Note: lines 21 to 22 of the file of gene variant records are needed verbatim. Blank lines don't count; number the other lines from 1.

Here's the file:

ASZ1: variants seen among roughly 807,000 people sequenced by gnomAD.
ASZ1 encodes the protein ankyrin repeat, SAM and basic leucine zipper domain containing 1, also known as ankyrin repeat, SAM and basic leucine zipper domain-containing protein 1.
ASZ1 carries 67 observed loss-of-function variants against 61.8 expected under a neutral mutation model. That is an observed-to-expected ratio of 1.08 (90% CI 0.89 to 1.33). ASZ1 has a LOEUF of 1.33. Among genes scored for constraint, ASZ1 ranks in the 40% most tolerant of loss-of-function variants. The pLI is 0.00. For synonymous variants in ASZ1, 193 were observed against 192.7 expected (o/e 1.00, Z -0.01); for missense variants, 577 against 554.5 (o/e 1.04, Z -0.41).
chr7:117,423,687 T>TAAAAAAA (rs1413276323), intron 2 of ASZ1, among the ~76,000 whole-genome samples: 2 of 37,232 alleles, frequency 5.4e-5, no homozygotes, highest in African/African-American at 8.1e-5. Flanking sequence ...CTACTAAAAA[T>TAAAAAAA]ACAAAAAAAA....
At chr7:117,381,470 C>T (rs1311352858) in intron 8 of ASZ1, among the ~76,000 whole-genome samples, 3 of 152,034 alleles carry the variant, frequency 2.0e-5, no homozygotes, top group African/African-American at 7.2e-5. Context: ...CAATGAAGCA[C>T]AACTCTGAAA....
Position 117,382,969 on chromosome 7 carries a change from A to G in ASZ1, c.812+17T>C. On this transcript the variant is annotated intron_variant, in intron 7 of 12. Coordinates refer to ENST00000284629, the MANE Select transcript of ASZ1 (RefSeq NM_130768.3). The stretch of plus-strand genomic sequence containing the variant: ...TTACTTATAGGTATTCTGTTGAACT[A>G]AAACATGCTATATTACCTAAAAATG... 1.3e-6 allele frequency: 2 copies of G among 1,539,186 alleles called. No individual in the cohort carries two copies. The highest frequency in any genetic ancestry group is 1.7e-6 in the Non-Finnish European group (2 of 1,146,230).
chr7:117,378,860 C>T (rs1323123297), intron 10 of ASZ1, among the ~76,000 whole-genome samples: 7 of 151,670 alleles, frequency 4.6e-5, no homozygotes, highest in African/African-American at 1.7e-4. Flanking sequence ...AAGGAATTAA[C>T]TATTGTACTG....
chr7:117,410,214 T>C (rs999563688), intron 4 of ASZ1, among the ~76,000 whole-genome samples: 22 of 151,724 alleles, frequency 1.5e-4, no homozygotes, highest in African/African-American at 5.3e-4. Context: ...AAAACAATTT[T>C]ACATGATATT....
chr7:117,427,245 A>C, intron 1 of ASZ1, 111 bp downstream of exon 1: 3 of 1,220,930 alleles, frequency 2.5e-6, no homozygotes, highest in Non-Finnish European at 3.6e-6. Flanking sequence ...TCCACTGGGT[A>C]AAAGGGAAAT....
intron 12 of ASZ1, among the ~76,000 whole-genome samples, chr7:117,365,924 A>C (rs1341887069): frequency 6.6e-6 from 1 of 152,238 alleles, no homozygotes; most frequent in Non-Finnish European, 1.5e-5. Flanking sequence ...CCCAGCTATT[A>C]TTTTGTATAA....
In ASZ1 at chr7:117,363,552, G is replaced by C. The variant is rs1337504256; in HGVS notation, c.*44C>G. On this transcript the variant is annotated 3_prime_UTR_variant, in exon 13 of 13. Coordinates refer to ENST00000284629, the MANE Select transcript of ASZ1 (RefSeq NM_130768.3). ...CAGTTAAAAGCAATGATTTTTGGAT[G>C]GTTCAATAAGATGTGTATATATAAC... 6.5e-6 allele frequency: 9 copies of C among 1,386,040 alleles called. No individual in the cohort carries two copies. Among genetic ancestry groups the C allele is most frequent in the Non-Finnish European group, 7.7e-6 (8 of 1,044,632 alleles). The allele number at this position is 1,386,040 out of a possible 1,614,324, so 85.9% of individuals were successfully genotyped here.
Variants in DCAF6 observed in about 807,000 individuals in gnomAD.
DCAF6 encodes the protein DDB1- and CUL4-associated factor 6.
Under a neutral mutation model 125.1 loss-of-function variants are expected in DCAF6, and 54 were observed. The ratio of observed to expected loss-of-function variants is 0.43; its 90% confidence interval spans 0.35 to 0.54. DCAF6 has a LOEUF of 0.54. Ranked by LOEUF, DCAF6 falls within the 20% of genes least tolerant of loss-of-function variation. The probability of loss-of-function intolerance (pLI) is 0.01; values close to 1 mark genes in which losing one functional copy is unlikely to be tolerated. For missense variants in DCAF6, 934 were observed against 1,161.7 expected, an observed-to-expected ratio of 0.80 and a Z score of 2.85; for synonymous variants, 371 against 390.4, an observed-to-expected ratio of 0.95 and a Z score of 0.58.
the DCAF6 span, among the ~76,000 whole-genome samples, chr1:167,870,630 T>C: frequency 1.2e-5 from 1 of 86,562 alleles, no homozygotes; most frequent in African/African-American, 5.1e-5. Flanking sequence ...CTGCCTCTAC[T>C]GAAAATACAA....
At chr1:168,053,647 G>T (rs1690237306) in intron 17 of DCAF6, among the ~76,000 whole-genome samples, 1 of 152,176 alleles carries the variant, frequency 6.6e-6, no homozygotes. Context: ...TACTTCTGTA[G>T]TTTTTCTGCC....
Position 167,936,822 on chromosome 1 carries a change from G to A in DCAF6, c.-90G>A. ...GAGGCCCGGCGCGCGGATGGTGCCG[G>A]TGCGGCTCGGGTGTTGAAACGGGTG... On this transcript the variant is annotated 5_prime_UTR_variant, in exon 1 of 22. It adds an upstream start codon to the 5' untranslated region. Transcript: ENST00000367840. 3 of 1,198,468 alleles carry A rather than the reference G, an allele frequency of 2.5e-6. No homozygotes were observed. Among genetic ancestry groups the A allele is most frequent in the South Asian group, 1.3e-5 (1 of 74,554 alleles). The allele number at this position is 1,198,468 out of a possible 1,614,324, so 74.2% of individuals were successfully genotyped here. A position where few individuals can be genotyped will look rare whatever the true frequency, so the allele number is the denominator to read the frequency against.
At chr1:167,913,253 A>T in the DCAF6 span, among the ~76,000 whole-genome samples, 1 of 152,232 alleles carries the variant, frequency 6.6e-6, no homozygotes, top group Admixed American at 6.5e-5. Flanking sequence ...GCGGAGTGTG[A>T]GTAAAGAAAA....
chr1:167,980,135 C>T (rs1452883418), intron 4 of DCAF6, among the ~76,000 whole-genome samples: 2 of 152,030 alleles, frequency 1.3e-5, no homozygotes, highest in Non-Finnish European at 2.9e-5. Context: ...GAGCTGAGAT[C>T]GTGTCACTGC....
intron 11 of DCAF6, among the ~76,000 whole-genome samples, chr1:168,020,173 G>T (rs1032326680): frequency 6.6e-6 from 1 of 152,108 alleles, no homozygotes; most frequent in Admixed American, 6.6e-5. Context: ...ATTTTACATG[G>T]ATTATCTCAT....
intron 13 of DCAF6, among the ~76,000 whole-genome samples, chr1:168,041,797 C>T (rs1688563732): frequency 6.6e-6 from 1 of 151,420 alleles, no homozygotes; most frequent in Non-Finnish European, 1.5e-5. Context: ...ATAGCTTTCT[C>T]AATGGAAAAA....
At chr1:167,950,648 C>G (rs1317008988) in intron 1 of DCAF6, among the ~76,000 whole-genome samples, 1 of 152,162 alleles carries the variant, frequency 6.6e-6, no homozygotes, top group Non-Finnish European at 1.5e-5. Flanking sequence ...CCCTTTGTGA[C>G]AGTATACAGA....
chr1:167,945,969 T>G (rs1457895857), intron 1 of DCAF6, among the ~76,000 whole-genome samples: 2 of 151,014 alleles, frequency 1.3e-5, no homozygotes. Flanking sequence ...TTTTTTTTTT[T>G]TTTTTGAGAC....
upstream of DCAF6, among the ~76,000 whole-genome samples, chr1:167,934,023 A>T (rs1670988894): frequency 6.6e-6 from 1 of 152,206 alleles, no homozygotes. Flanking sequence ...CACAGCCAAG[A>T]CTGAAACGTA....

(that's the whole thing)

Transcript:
intron 13 of DCAF6, among the ~76,000 whole-genome samples, chr1:168,041,797 C>T (rs1688563732): frequency 6.6e-6 from 1 of 151,420 alleles, no homozygotes; most frequent in Non-Finnish European, 1.5e-5. Context: ...ATAGCTTTCT[C>T]AATGGAAAAA....
At chr1:167,950,648 C>G (rs1317008988) in intron 1 of DCAF6, among the ~76,000 whole-genome samples, 1 of 152,162 alleles carries the variant, frequency 6.6e-6, no homozygotes, top group Non-Finnish European at 1.5e-5. Flanking sequence ...CCCTTTGTGA[C>G]AGTATACAGA....